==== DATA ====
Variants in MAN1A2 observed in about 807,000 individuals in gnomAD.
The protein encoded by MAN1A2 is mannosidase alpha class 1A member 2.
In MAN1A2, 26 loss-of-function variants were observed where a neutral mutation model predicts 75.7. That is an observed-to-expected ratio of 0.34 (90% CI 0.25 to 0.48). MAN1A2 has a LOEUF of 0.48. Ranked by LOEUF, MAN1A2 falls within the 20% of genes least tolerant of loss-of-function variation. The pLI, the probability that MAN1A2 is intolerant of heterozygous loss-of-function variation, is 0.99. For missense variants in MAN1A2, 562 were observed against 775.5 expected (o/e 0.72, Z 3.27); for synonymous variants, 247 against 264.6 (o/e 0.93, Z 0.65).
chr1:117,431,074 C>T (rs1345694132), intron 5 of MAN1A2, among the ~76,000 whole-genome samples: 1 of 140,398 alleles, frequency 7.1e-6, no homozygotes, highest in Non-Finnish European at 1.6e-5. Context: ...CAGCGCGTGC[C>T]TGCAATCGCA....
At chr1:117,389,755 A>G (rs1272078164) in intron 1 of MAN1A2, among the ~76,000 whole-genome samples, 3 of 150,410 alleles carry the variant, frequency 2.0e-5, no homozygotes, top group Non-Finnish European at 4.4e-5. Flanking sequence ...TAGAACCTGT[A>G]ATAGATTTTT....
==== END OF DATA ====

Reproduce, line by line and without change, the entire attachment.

Variants in MAN1A2 observed in about 807,000 individuals in gnomAD.
The protein encoded by MAN1A2 is mannosidase alpha class 1A member 2.
In MAN1A2, 26 loss-of-function variants were observed where a neutral mutation model predicts 75.7. That is an observed-to-expected ratio of 0.34 (90% CI 0.25 to 0.48). MAN1A2 has a LOEUF of 0.48. Ranked by LOEUF, MAN1A2 falls within the 20% of genes least tolerant of loss-of-function variation. The pLI, the probability that MAN1A2 is intolerant of heterozygous loss-of-function variation, is 0.99. For missense variants in MAN1A2, 562 were observed against 775.5 expected (o/e 0.72, Z 3.27); for synonymous variants, 247 against 264.6 (o/e 0.93, Z 0.65).
chr1:117,431,074 C>T (rs1345694132), intron 5 of MAN1A2, among the ~76,000 whole-genome samples: 1 of 140,398 alleles, frequency 7.1e-6, no homozygotes, highest in Non-Finnish European at 1.6e-5. Context: ...CAGCGCGTGC[C>T]TGCAATCGCA....
At chr1:117,389,755 A>G (rs1272078164) in intron 1 of MAN1A2, among the ~76,000 whole-genome samples, 3 of 150,410 alleles carry the variant, frequency 2.0e-5, no homozygotes, top group Non-Finnish European at 4.4e-5. Flanking sequence ...TAGAACCTGT[A>G]ATAGATTTTT....